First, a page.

Michael E. Parmly

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Chief of Mission Michael Parmly

Michael E. Parmly (born 1951)[1] is the former Chief of Mission of the United States Interests Section in Havana, or USINT, a post he held from September 10, 2005 to July 2008.[2] He succeeded James Cason at this post and is predecessor to Jonathan D. Farrar.[3]

Personal life[edit]

Parmly attended St. Joseph's College, where he completed an undergraduate degree in International Relations and Latin American Studies. He then earned his Masters of Arts of Law and Diplomacy from the Fletcher School of Law and Diplomacy. He is married to Marie-Catherine née Schutte and has two children.[4]


Parmly worked in youth development as a Peace Corps volunteer in Bucaramanga, Colombia.[5] He is now a career member of the Senior Foreign Service, with the rank of Minister-Counselor. Parmly is a veteran of over 25 years at the State Department.[5] Some of his previous job titles include Senior Advisor to Ambassador Zalmay Khalilzad for the Afghan Presidential elections, Deputy Chief of Mission and Chargé d'Affaires, a.i. at the Embassy in Sarajevo, Bosnia-Herzegovina, State Department representative in Kandahar, Afghanistan, Professor of National Security Studies at the National War College, Office Director for Northern Europe in the Bureau of European Affairs, and Political Counselor at the US Mission to the European Union. The diplomatic postings of Parmly include Afghanistan, Morocco, Paris, Romania, Sarajevo, and Spain.[6]

Sicko controversy[edit]

According to WikiLeaks cables published in December 2010, Parmly had classified as "Confidential" a cable dated 31 January 2008 which read, in part, "XXXXXXXXXXXX stated that Cuban authorities have banned Michael Moore's documentary, Sicko, as being subversive. Although the film's intent is to discredit the U.S. healthcare system by highlighting the excellence of the Cuban system, he said the regime knows the film is a myth and does not want to risk a popular backlash by showing to Cubans facilities that are clearly not available to the vast majority of them." This was an attempt to discredit Moore's documentary, which cast the U.S. healthcare system in a bad light.[7] Moore responded in his blog that this had been a fabrication and that "Cuba was shown the film on national television on April 25, 2008."[8]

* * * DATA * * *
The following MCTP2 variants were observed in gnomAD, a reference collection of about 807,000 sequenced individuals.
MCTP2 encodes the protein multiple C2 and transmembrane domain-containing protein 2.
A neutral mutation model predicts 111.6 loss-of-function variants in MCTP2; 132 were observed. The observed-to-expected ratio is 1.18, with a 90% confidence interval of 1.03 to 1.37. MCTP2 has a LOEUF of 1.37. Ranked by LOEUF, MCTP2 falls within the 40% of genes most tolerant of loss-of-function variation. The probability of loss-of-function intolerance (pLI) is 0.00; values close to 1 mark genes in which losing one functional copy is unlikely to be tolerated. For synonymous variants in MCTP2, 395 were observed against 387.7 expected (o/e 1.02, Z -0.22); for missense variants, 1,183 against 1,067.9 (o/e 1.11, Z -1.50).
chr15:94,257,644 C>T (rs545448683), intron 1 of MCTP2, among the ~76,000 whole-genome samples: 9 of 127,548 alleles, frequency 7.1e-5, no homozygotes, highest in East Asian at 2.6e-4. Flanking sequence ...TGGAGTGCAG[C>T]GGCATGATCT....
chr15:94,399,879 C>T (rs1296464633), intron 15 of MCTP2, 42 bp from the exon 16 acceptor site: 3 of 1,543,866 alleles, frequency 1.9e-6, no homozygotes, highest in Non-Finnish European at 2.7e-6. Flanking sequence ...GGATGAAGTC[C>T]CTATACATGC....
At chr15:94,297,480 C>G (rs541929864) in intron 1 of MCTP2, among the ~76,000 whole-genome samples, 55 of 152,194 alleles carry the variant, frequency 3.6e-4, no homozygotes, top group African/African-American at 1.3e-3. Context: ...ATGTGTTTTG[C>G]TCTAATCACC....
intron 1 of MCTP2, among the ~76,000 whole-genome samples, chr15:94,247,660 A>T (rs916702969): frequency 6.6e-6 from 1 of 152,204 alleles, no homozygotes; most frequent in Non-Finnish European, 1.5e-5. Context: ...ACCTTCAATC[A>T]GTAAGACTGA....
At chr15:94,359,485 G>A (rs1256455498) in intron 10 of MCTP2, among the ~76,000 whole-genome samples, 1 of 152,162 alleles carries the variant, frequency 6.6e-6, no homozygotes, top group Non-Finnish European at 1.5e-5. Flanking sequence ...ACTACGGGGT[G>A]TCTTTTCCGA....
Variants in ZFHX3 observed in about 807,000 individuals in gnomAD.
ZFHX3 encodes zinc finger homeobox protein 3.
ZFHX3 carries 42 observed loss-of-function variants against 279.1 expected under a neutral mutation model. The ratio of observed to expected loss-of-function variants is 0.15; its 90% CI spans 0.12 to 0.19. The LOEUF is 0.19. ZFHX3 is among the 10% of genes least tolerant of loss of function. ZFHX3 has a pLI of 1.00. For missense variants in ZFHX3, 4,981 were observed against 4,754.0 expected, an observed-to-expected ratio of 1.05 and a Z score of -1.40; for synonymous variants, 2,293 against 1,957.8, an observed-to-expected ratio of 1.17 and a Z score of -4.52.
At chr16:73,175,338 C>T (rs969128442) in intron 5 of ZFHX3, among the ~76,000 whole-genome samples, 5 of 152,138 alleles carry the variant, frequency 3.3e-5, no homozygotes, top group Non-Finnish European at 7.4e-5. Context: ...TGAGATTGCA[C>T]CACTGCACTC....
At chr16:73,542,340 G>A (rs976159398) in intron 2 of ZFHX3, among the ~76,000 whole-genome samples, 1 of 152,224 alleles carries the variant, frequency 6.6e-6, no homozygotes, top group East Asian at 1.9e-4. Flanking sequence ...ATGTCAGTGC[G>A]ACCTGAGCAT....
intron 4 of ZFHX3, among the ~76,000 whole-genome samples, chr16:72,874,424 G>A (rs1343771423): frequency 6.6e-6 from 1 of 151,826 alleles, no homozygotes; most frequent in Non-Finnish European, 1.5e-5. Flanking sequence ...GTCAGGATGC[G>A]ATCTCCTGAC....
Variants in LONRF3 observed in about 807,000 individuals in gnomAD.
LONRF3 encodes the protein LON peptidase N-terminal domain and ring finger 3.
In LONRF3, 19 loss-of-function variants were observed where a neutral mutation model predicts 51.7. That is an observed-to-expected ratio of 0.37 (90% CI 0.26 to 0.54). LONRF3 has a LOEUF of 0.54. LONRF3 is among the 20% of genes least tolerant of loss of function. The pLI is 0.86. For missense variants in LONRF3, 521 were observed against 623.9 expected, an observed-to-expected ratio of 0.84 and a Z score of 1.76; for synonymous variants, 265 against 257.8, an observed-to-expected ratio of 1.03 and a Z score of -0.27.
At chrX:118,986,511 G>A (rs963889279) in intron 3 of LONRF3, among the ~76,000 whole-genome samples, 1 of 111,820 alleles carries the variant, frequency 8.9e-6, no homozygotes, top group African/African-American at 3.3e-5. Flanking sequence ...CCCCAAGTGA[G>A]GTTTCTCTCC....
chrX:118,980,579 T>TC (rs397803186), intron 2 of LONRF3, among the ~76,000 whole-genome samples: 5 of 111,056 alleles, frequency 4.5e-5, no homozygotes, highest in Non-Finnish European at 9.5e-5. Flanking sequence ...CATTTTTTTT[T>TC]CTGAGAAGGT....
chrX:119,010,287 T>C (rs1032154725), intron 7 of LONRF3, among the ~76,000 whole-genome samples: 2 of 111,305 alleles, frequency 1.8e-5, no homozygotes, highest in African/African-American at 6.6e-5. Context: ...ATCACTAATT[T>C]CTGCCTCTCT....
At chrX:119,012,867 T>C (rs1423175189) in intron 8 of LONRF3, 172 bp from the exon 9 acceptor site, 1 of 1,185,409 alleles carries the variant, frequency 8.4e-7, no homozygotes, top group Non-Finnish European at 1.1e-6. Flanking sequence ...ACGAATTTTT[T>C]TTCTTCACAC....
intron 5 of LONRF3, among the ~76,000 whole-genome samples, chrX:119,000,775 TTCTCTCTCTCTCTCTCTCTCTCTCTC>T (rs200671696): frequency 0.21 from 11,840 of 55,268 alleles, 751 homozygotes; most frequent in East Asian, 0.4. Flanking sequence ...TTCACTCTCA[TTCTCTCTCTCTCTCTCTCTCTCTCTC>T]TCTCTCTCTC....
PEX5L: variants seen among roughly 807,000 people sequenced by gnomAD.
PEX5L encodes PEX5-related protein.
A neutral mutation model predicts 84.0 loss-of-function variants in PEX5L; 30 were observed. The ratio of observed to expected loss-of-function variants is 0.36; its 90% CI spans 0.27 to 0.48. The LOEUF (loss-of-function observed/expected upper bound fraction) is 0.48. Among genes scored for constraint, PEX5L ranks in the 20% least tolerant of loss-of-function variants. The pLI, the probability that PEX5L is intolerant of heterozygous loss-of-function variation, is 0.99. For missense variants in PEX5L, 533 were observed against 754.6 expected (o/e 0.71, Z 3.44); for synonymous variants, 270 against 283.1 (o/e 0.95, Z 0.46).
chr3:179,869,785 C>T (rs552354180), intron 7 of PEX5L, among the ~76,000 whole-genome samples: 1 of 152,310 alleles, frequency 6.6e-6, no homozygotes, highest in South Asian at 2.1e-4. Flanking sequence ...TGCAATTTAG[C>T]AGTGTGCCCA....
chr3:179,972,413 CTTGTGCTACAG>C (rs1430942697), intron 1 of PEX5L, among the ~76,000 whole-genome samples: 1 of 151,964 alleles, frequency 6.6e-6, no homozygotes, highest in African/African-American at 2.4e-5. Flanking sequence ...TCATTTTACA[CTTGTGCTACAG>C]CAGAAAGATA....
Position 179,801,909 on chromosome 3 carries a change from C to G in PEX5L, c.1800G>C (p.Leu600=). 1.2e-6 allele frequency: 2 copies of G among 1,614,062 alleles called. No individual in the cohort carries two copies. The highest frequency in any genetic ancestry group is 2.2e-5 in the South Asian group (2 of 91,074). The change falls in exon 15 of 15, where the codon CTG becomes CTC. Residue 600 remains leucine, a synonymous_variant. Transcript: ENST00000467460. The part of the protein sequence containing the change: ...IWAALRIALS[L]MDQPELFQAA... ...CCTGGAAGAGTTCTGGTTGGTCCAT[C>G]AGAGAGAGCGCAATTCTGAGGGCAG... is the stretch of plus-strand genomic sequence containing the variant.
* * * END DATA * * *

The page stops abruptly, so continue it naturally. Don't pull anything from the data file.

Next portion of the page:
Argued for return of Guantanamo to Cuba[edit]

In 2013, Parmly, now living in Switzerland, wrote a paper arguing that the US base in Guantanamo should be returned to Cuba as reported in the Miami Herald

His full article appeared in the Fletcher Forum.

See also[edit]


  1. ^ Michael E. Parmley (1951–)
  2. ^ "Biography". state.gov. Archived from the original on 2007-06-13. Retrieved 2007-07-07.
  3. ^ "Bio - U.S. Interest Section Havana, Cuba". Archived from the original on October 13, 2008. Retrieved 2008-11-09.
  4. ^ "Mr. Michael Parmly". canf.org. Archived from the original on 2007-09-27. Retrieved 2007-07-07.
  5. ^ a b "Michael Parmly Visited PVHS Classes in May". pcnr.com. Retrieved 2007-07-13.
  6. ^ Robles, Frances: "'My interest is the future'". The Miami Herald. Archived from the original on 2007-09-27. Retrieved 2007-07-13.
  7. ^ "US embassy cables: US castigates much-vaunted Cuban health system". The Guardian. London. 2010-12-17. Retrieved 2010-12-18.
  8. ^ "¡Viva WikiLeaks! SiCKO Was Not Banned in Cuba". Archived from the original on 2011-01-01. Retrieved 2010-12-18.

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